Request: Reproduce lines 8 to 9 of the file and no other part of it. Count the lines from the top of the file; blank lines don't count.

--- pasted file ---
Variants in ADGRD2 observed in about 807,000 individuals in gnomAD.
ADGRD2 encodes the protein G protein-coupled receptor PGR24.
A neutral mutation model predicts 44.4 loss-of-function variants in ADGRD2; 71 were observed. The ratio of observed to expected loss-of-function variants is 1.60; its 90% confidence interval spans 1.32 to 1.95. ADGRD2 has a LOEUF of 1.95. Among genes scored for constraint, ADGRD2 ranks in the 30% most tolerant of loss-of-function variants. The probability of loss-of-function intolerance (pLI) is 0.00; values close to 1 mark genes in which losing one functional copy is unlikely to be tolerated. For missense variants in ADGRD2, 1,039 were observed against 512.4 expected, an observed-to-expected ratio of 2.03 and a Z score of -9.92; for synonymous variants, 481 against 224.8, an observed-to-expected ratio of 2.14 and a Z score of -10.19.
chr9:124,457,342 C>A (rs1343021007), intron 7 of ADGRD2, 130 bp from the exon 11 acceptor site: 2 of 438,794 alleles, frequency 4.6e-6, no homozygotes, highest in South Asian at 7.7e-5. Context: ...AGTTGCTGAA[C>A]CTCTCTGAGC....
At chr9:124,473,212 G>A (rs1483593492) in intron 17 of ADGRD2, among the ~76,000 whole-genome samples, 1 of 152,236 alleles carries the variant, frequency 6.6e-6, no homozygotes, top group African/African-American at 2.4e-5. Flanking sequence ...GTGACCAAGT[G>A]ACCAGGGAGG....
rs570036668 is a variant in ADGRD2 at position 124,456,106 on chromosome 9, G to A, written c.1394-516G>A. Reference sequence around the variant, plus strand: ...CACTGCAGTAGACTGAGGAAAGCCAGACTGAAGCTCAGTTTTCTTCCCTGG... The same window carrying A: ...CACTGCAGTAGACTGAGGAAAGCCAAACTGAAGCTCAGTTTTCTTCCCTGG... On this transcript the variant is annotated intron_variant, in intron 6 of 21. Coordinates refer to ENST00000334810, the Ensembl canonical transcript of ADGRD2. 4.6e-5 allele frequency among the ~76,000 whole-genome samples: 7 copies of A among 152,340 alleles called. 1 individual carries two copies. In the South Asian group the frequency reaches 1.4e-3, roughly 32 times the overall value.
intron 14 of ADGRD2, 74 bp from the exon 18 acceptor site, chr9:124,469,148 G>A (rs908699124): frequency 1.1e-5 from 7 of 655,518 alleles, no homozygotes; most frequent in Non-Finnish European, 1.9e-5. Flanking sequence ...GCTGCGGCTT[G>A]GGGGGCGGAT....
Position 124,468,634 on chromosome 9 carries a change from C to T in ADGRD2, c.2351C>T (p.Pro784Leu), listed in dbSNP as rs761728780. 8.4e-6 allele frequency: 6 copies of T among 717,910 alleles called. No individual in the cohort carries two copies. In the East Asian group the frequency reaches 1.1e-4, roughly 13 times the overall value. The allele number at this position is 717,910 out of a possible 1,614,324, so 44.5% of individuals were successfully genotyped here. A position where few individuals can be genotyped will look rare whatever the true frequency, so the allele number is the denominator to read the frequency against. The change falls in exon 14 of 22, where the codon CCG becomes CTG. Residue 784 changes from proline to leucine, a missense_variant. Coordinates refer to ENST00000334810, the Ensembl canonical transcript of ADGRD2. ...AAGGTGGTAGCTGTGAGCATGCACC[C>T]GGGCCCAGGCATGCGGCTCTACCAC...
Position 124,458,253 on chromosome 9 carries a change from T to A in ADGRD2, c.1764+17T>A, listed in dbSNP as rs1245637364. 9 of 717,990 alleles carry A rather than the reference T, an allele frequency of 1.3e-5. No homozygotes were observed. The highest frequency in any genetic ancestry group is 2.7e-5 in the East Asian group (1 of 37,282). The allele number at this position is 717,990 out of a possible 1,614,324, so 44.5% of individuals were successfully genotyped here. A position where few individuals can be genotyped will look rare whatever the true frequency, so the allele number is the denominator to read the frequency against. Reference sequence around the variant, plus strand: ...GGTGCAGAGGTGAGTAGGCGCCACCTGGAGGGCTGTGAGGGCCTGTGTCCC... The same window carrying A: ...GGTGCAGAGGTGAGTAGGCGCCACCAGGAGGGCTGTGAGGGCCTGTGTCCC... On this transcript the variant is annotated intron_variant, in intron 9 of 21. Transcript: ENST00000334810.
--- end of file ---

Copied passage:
Position 124,468,634 on chromosome 9 carries a change from C to T in ADGRD2, c.2351C>T (p.Pro784Leu), listed in dbSNP as rs761728780. 8.4e-6 allele frequency: 6 copies of T among 717,910 alleles called. No individual in the cohort carries two copies. In the East Asian group the frequency reaches 1.1e-4, roughly 13 times the overall value. The allele number at this position is 717,910 out of a possible 1,614,324, so 44.5% of individuals were successfully genotyped here. A position where few individuals can be genotyped will look rare whatever the true frequency, so the allele number is the denominator to read the frequency against. The change falls in exon 14 of 22, where the codon CCG becomes CTG. Residue 784 changes from proline to leucine, a missense_variant. Coordinates refer to ENST00000334810, the Ensembl canonical transcript of ADGRD2. ...AAGGTGGTAGCTGTGAGCATGCACC[C>T]GGGCCCAGGCATGCGGCTCTACCAC...
Position 124,458,253 on chromosome 9 carries a change from T to A in ADGRD2, c.1764+17T>A, listed in dbSNP as rs1245637364. 9 of 717,990 alleles carry A rather than the reference T, an allele frequency of 1.3e-5. No homozygotes were observed. The highest frequency in any genetic ancestry group is 2.7e-5 in the East Asian group (1 of 37,282). The allele number at this position is 717,990 out of a possible 1,614,324, so 44.5% of individuals were successfully genotyped here. A position where few individuals can be genotyped will look rare whatever the true frequency, so the allele number is the denominator to read the frequency against. Reference sequence around the variant, plus strand: ...GGTGCAGAGGTGAGTAGGCGCCACCTGGAGGGCTGTGAGGGCCTGTGTCCC... The same window carrying A: ...GGTGCAGAGGTGAGTAGGCGCCACCAGGAGGGCTGTGAGGGCCTGTGTCCC... On this transcript the variant is annotated intron_variant, in intron 9 of 21. Transcript: ENST00000334810.